Why Fuller House Made Me Cry

It was never my intent to get all emo while watching Fuller House. Says the girl who doesn’t cry very often, keeping a stiff upper lip during most emotional moments, especially ones pertaining to the small screen. Or the big screen.

But there I was, blubbering. I don’t mean tiny little drops of wetness in my eyes, nothing misty. I was full on crying, big dopey tears sliding down my cheeks.

It really shook me, that I’d cry over a show I’d watched a lot during my kid years, but had never felt an emotional tie to. Not to say there weren’t a few emotional moments in that first episode. I mean, every actor looked as though they’d found their long lost friends, people who had been instrumental to their lives, like a close-knit family. I could see budding tears on every single one of the original cast members.

No, that wasn’t it.

I had to sit a moment and collect my thoughts, really let myself feel everything, distinguish every emotion.

And what I prominently felt was loss.

I mean, I was just a kid when DJ Tanner was going through her awkward stages in life, or Stephanie let out a “how rude” with the cutest little girly pout. I never really liked the Olsen twins, but I know they added their special zest to the mix. I was a kid, back then, and now, I really felt the loss of my childhood, while watching all of the old characters grown up.


Maybe I shouldn’t admit this, but I watched the show a lot. Even when I was a teenager, and I had nothing better to do than to catch up on the latest Full House episode. It felt like a comfortable old hoodie that you pack away, until you want to wear it, for those times you just want to relax and chill out. This show was my comfortable old hoodie.

I went through an anti-Full House phase, too. I think most of us did, especially as we got older and felt we’d outgrown the Tanner clan. It was cheesy, at times corny. There was a laugh track. Every episode ended on a high note. When you’re an angsty teen, you’re not looking for sunshine and roses. I had a friend who hated the show and dubbed it “Full of Shit House”, and even that memory fills me with sweet nostalgia, because we had a lot of fun with that.

No, the show wasn’t perfect, but it was there for me when I needed it. I’m a thirty-seven year old woman who cried while watching Fuller House because everyone has changed, even though they all look great. I mean, Jessie (played by John Stamos) even proclaims it during that first episode, when they’re all sitting around the breakfast table. “Damn, we all still look good!”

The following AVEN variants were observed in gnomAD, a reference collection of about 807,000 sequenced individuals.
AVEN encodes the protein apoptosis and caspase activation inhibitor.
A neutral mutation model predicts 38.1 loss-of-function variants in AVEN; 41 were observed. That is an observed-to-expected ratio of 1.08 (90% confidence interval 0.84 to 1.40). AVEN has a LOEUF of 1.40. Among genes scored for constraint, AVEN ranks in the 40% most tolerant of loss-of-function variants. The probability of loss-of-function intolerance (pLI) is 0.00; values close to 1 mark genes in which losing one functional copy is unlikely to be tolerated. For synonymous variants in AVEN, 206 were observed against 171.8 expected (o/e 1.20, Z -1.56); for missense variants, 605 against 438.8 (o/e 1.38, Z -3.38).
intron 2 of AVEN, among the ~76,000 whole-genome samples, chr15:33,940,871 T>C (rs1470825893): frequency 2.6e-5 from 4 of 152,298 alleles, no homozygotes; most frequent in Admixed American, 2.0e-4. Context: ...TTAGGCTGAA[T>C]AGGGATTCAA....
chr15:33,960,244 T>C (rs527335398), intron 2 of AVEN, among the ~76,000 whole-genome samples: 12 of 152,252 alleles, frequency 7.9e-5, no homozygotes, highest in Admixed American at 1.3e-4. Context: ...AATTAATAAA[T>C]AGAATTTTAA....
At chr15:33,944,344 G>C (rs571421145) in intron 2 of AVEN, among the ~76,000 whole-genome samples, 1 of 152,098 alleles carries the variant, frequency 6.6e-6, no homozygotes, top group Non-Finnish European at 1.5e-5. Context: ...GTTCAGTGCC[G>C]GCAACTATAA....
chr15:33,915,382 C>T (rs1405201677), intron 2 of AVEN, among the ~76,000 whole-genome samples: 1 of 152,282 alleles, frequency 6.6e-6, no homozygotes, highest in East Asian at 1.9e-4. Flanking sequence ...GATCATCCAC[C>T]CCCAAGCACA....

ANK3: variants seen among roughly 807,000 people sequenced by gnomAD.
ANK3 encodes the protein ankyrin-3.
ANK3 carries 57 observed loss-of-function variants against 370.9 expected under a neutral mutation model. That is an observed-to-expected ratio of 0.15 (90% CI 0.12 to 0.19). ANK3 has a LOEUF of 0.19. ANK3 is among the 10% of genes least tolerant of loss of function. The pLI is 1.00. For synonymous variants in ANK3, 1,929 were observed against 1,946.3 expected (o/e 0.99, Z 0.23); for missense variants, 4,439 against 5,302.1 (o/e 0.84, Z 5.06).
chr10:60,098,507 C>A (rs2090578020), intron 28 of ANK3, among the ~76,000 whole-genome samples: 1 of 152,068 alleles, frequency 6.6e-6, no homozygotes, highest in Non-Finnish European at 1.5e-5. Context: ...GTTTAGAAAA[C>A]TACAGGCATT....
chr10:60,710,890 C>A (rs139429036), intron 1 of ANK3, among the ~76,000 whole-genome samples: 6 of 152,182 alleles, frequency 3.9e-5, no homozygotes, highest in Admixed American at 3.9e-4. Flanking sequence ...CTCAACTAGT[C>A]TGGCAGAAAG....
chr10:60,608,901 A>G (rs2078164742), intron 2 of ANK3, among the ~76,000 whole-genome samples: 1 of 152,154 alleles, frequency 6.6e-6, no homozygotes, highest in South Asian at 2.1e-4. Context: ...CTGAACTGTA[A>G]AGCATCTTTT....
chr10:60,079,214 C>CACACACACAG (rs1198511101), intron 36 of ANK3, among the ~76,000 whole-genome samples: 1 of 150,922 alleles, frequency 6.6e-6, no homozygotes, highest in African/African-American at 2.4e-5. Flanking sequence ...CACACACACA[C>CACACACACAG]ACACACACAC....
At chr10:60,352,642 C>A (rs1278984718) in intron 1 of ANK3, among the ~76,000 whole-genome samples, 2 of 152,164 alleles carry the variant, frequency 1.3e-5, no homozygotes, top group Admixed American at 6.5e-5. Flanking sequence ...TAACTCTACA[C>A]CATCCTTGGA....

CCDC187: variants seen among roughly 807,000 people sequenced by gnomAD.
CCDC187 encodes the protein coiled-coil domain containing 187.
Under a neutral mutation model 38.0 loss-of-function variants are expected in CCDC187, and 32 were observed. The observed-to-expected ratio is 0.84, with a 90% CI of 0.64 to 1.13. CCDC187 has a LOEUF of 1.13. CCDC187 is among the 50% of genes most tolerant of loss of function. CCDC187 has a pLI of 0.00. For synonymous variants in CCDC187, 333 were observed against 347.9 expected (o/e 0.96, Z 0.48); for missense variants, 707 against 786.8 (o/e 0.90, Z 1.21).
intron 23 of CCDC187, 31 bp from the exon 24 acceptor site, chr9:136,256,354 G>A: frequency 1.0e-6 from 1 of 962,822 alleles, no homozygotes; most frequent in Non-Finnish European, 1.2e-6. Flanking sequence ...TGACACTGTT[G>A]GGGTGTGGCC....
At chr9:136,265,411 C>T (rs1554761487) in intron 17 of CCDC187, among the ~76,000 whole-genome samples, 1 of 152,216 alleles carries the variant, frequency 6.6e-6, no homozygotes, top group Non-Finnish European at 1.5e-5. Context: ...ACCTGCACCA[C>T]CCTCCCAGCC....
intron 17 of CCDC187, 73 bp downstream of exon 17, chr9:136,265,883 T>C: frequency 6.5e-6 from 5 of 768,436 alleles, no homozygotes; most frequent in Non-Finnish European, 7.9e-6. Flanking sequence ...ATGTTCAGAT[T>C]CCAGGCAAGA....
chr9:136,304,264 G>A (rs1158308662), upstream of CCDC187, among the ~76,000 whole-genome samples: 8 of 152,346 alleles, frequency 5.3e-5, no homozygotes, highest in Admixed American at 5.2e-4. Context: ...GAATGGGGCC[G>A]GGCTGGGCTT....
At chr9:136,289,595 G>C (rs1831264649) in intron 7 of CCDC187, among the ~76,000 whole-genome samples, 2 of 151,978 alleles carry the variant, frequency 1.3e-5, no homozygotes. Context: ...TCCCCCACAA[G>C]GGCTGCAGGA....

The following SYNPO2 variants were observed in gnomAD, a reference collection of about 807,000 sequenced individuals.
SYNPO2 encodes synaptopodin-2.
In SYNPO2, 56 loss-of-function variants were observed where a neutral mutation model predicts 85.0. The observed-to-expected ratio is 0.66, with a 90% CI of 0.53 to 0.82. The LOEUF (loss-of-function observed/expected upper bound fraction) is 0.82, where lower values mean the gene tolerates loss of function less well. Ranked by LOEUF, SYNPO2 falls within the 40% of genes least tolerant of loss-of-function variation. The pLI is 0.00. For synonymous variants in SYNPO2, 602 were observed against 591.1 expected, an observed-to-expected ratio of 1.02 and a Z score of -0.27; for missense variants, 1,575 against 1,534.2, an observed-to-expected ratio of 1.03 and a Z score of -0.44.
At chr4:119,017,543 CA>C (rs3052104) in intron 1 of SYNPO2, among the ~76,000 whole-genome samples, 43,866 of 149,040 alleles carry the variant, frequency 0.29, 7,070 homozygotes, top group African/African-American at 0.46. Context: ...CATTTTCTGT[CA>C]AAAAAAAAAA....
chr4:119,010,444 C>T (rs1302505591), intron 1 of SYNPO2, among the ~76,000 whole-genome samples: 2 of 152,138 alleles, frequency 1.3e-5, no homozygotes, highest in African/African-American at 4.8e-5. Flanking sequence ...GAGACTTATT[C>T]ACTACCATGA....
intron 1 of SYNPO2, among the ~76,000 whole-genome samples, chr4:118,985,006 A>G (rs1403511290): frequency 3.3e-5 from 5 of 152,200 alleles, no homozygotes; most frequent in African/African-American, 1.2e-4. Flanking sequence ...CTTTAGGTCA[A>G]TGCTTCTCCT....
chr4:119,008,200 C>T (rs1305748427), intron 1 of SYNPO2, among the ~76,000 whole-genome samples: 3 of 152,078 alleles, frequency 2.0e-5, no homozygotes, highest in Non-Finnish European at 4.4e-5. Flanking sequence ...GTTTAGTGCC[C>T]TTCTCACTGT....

I cried because there was so much show nostalgia, so much love, and it reminded me of the little girl with messy hair (me) who’d watch the show, imagining herself right there, with the Tanner family.

I cried because I’ve changed, too, and I’m a grown up, now, too, with big responsibilities and bills and kids and life changes that I never knew about way back then. I guess in some weird bizarre way, that first episode was a little cathartic for me, and I was overcome with so much, all at once.

While watching episode 2, my soon-to-be eleven year old walked into the living room, and decided after a few minutes it was a pretty awesome show, and now he wants to watch Fuller House. I’m sure it’s nice to have someone he can relate to (Jackson, played by Michael Campion) and maybe there’s something about it for him, that feels like a comfortable old hoodie. I like the thought of that.

Even if it makes me get a little misty-eyed.

Fuller House nostalgic moments, and Rolling Stone’s take on the show

Share some of your most loved, or hated moments, of Full House, or Fuller House!

2 thoughts on “Why Fuller House Made Me Cry”

  1. Great post! If you liked it, I’m sure I will too. I got teary-eyed watching the trailer while my husband was making fun of it right next to me.
    I cried during A WALK TO REMEMBER because I didn’t like how much it changed from the book version. How sad is that?!?
    I am excited for some John Stamos eye candy. He still looks amazing for 52!

Leave a Reply

Fill in your details below or click an icon to log in:

WordPress.com Logo

You are commenting using your WordPress.com account. Log Out /  Change )

Google photo

You are commenting using your Google account. Log Out /  Change )

Twitter picture

You are commenting using your Twitter account. Log Out /  Change )

Facebook photo

You are commenting using your Facebook account. Log Out /  Change )

Connecting to %s